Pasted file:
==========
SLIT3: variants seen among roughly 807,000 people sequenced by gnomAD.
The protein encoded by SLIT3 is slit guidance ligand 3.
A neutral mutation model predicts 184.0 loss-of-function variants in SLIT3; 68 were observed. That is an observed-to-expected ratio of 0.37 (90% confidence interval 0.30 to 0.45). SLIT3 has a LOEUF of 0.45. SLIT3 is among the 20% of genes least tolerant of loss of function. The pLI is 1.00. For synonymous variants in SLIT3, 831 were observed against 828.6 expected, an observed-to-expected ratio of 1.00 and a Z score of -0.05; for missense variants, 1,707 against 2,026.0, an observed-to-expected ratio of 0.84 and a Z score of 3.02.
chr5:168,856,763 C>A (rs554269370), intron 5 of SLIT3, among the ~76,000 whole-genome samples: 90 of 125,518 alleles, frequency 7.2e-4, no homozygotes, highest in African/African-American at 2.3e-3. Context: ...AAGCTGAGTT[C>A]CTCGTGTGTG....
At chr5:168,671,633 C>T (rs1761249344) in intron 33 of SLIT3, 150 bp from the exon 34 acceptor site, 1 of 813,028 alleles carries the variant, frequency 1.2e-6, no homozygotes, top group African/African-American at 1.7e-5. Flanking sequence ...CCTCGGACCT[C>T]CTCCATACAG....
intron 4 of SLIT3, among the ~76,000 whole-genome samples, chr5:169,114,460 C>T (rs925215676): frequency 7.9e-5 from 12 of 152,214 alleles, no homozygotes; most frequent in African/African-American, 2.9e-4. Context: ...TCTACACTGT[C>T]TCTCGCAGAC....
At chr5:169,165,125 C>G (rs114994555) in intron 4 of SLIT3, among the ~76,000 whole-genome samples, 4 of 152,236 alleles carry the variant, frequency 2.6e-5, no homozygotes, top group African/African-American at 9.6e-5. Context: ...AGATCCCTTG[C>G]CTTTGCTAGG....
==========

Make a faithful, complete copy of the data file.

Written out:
SLIT3: variants seen among roughly 807,000 people sequenced by gnomAD.
The protein encoded by SLIT3 is slit guidance ligand 3.
A neutral mutation model predicts 184.0 loss-of-function variants in SLIT3; 68 were observed. That is an observed-to-expected ratio of 0.37 (90% confidence interval 0.30 to 0.45). SLIT3 has a LOEUF of 0.45. SLIT3 is among the 20% of genes least tolerant of loss of function. The pLI is 1.00. For synonymous variants in SLIT3, 831 were observed against 828.6 expected, an observed-to-expected ratio of 1.00 and a Z score of -0.05; for missense variants, 1,707 against 2,026.0, an observed-to-expected ratio of 0.84 and a Z score of 3.02.
chr5:168,856,763 C>A (rs554269370), intron 5 of SLIT3, among the ~76,000 whole-genome samples: 90 of 125,518 alleles, frequency 7.2e-4, no homozygotes, highest in African/African-American at 2.3e-3. Context: ...AAGCTGAGTT[C>A]CTCGTGTGTG....
At chr5:168,671,633 C>T (rs1761249344) in intron 33 of SLIT3, 150 bp from the exon 34 acceptor site, 1 of 813,028 alleles carries the variant, frequency 1.2e-6, no homozygotes, top group African/African-American at 1.7e-5. Flanking sequence ...CCTCGGACCT[C>T]CTCCATACAG....
intron 4 of SLIT3, among the ~76,000 whole-genome samples, chr5:169,114,460 C>T (rs925215676): frequency 7.9e-5 from 12 of 152,214 alleles, no homozygotes; most frequent in African/African-American, 2.9e-4. Context: ...TCTACACTGT[C>T]TCTCGCAGAC....
At chr5:169,165,125 C>G (rs114994555) in intron 4 of SLIT3, among the ~76,000 whole-genome samples, 4 of 152,236 alleles carry the variant, frequency 2.6e-5, no homozygotes, top group African/African-American at 9.6e-5. Context: ...AGATCCCTTG[C>G]CTTTGCTAGG....